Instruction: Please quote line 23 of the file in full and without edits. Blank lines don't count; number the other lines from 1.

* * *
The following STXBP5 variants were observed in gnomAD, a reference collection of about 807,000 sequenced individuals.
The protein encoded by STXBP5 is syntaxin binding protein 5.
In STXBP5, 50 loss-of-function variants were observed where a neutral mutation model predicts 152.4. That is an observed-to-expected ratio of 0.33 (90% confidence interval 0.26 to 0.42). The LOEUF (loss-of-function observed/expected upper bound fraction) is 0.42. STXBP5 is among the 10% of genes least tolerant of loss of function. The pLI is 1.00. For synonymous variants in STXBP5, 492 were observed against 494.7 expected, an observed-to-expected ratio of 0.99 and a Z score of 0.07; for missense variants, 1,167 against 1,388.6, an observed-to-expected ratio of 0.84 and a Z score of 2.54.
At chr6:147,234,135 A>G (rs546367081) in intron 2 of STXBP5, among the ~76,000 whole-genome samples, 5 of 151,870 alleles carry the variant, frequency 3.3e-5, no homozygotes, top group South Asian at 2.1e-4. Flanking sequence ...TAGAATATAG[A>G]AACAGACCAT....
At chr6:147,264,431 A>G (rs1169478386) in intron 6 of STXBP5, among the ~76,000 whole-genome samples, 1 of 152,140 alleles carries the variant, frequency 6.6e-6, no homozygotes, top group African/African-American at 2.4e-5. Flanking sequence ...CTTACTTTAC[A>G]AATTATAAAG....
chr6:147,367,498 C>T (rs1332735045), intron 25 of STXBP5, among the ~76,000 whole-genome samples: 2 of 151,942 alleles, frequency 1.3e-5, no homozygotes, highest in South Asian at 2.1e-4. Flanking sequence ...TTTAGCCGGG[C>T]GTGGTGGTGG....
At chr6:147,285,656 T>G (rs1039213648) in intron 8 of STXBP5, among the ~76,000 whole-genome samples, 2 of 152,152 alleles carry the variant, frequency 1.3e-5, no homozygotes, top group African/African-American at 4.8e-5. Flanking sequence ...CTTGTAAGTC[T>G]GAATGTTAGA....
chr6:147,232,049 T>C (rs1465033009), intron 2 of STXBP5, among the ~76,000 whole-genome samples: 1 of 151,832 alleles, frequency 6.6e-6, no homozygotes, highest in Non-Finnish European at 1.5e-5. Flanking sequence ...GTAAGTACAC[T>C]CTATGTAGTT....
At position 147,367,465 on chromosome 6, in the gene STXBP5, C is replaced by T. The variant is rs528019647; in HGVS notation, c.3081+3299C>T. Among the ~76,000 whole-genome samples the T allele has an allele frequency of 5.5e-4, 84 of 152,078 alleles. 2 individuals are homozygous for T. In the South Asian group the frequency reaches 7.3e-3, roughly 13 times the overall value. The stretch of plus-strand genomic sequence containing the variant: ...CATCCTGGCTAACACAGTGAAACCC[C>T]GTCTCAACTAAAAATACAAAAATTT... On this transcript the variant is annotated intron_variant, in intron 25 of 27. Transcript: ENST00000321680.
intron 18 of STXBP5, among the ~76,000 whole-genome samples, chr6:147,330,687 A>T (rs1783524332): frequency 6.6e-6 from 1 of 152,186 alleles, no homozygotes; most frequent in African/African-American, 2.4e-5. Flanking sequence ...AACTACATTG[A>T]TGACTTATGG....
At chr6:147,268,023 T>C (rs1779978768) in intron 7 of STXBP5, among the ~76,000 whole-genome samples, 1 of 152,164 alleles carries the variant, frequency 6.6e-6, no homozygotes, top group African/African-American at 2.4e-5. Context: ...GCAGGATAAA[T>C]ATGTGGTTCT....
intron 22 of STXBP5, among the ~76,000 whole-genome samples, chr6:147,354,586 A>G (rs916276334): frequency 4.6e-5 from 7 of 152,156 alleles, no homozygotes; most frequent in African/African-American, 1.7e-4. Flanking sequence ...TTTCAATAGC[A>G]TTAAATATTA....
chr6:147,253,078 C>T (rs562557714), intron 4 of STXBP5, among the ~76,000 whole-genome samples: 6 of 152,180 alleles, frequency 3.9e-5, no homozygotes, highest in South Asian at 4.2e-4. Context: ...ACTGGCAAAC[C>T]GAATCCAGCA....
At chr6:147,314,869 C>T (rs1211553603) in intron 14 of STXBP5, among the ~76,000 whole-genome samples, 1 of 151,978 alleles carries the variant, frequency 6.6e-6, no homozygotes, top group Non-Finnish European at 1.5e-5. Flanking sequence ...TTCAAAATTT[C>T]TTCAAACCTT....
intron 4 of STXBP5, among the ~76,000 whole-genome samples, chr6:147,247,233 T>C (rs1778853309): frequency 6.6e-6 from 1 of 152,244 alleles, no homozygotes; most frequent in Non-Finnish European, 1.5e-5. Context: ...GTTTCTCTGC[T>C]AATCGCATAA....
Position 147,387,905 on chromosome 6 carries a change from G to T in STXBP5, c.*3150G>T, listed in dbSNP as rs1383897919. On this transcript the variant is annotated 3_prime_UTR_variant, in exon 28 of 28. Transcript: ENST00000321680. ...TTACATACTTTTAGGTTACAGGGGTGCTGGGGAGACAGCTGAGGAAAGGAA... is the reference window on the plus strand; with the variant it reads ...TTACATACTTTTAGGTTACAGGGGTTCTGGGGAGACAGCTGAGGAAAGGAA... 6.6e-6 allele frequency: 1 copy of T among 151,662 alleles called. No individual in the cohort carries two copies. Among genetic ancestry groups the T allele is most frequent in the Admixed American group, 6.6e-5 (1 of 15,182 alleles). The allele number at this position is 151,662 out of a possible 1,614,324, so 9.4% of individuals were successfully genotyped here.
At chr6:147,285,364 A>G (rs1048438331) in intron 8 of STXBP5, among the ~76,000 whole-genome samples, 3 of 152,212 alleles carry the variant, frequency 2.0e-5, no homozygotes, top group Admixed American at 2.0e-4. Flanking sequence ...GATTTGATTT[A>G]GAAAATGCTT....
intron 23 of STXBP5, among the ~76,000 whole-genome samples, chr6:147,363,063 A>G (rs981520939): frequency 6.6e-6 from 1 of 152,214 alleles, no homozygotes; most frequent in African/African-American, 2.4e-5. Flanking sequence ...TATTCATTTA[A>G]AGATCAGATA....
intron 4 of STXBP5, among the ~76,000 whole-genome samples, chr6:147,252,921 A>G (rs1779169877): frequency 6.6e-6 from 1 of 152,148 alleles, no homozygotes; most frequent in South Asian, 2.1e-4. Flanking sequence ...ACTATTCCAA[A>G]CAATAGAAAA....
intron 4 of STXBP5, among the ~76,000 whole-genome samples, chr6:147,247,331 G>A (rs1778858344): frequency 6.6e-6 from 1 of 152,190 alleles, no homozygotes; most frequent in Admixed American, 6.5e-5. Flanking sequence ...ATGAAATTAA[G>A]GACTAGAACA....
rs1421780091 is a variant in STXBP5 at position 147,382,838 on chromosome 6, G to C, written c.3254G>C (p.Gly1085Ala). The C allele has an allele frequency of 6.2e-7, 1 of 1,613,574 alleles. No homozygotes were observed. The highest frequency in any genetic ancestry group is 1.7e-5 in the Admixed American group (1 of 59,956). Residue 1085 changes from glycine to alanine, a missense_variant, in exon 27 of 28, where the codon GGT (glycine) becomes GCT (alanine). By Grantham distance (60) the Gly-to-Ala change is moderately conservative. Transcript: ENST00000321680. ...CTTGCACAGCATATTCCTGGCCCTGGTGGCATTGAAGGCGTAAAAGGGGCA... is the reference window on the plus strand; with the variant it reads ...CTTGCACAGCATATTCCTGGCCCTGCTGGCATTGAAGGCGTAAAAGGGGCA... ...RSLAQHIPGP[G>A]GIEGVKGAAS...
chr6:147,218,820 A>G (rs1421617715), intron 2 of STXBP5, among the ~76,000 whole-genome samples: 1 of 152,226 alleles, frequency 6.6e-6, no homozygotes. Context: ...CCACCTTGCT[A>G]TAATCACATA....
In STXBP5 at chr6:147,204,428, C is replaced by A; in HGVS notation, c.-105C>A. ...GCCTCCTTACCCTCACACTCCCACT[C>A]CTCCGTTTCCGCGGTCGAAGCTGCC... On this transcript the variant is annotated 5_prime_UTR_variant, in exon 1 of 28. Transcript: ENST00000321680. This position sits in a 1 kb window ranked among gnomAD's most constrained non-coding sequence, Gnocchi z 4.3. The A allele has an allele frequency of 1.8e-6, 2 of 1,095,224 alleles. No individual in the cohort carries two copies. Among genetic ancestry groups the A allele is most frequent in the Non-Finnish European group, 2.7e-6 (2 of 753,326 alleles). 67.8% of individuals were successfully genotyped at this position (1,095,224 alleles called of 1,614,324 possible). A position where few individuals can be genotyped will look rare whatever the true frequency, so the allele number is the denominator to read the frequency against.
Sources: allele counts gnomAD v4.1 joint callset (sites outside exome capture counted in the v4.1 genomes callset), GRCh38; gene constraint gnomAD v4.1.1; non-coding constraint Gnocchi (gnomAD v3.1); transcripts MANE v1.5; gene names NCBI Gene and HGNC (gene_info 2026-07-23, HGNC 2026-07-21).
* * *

In STXBP5 at chr6:147,204,428, C is replaced by A; in HGVS notation, c.-105C>A. ...GCCTCCTTACCCTCACACTCCCACT[C>A]CTCCGTTTCCGCGGTCGAAGCTGCC... On this transcript the variant is annotated 5_prime_UTR_variant, in exon 1 of 28. Transcript: ENST00000321680. This position sits in a 1 kb window ranked among gnomAD's most constrained non-coding sequence, Gnocchi z 4.3. The A allele has an allele frequency of 1.8e-6, 2 of 1,095,224 alleles. No individual in the cohort carries two copies. Among genetic ancestry groups the A allele is most frequent in the Non-Finnish European group, 2.7e-6 (2 of 753,326 alleles). 67.8% of individuals were successfully genotyped at this position (1,095,224 alleles called of 1,614,324 possible). A position where few individuals can be genotyped will look rare whatever the true frequency, so the allele number is the denominator to read the frequency against.